It's a gloomy gloomy day outside. I guess really it's just worth one "gloomy." I used to live in Milwaukee for goodness sake. Now *there*'s some gloom to be had. Way below zero gloom. And though I'm only a few degrees north of Carbondale now, I seem to be really feeling those few degrees difference. Got spoiled with the short and fitful winters there.

But, hey, birds are smarter than we think. I should have linked to that NY Times science article yesterday. Now there's something I can do. Link to interesting NY Times articles. But that was yesterday. Still, I can briefly summarize some of the interesting parts: crows on a street in Japan wait for a red light, walk out into the street and leave nuts there, cars run over the nuts, the crows eat the now open nuts. It's a plan. And then MP told me about the African gray parrot who calls the dog over to his cage, bites the dog on the head and says, "Stupid dog." As my SO said, it's the birds. They're the ones who'll take over.

And one more thing from yesterday's science news: a piece by the former science editor, about (male) scientists' apparent inability to take her seriously. (Now there's a research question: if, as the Harvard prez suggests, women might be genetically incapable of doing math, is it also the case that men are genetically incapable of recognizing a woman who is good at math?) One scientist, after being introduced to her, looked around and asked where that new "little twerpy girl," the new science editor, was. "That would be me," she answered.

That deserves another egads. Even though I never say egads.

Tuesday, February 01, 2005


I never say "egads," but I just wrote it in an email message to a friend and former student and now I've chosen it as the title of this post to signal my shock and dismay that I've neglected this blog so dreadfully.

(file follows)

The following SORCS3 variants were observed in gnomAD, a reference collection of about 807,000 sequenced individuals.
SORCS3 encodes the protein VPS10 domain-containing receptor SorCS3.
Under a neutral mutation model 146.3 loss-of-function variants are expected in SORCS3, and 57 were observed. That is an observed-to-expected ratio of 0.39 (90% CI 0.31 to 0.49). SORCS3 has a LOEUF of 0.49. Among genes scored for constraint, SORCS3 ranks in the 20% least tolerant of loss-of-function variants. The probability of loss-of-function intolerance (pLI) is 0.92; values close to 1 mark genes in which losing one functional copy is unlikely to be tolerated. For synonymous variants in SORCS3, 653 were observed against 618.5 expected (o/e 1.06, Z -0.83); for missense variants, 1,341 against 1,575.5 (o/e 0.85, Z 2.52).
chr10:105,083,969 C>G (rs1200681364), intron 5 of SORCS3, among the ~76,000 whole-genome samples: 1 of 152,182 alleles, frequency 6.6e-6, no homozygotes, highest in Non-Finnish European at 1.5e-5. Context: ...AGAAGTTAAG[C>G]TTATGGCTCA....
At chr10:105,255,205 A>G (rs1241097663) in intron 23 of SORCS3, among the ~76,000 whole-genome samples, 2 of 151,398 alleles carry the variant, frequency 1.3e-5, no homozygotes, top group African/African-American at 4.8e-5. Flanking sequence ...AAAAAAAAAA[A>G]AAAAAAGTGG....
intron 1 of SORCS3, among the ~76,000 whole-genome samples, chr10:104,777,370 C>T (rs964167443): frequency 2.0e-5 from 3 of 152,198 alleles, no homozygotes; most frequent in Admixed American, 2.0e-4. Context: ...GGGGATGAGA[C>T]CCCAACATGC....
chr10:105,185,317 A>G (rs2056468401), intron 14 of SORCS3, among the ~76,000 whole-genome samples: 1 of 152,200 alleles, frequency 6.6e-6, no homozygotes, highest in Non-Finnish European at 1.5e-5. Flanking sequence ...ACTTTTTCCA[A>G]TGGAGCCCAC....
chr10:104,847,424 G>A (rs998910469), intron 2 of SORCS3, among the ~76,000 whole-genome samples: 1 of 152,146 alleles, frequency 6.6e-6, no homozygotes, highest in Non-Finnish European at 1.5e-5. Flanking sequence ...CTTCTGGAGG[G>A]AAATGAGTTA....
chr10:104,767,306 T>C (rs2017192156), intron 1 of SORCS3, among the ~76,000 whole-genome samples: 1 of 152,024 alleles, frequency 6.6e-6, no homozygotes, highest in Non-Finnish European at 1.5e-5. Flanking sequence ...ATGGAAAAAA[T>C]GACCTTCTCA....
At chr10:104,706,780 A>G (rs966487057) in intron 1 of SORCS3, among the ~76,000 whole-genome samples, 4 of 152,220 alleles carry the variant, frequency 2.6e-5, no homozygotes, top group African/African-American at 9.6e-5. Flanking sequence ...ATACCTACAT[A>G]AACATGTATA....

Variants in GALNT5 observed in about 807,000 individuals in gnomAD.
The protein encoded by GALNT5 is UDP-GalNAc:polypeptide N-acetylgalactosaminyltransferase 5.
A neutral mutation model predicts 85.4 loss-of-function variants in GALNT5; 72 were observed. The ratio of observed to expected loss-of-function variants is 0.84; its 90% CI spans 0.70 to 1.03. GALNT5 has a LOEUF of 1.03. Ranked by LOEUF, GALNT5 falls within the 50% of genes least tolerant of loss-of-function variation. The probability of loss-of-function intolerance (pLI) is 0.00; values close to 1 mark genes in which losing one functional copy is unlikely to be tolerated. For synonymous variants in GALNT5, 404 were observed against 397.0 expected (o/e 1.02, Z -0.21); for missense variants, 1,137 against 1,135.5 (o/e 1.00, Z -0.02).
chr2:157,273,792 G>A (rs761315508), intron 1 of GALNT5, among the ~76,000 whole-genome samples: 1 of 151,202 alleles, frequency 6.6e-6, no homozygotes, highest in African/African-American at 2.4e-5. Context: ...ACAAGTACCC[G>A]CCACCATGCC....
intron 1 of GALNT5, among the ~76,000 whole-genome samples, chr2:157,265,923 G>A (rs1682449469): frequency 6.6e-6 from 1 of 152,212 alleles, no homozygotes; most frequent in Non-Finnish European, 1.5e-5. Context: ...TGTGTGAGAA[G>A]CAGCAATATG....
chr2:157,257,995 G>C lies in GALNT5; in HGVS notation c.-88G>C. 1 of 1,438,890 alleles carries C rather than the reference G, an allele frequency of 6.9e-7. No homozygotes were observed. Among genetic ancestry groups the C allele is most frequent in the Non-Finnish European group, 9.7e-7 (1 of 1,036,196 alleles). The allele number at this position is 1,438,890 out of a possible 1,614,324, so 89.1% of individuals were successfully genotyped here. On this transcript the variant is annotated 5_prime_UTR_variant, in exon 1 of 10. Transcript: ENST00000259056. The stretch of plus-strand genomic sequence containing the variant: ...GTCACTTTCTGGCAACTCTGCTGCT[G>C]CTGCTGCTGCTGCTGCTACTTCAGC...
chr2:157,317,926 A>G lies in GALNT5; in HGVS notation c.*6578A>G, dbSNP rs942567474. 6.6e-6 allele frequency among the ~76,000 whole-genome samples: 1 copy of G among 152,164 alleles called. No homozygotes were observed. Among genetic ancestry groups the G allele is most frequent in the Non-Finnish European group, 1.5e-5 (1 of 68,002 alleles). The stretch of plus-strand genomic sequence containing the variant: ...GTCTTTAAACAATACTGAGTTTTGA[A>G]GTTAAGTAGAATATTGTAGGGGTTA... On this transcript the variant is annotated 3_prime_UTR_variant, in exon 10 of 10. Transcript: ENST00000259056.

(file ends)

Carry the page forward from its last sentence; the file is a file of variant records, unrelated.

Why have I neglected it? I mean, Becky is still blogging, and she had a mighty fine but now unmentionable reason not to blog (head trauma and all). I've had no trauma, to my head or otherwise. Just the regular beginning of the semester business, getting my classes all ready, going to hear job candidates talk, and such.

It's just that I haven't yet found a rhythm, have I? Not for my blog nor for other things. There's something about moving that really messes with my spatio-perception. You would think I might be over it by now. But, no, I'm not.

Still and all, it's supposed to be in the 50s by the end of the week. It smelled all mulchy on campus today. Maybe I can convince my body it's spring. Then I can feel energetic and rhythmic.

And then, my friends, I'll blog.

Or maybe blogging will help me feel energetic and rhythmic? Blogging as epistemic--no, as affective maintenance. Something like that.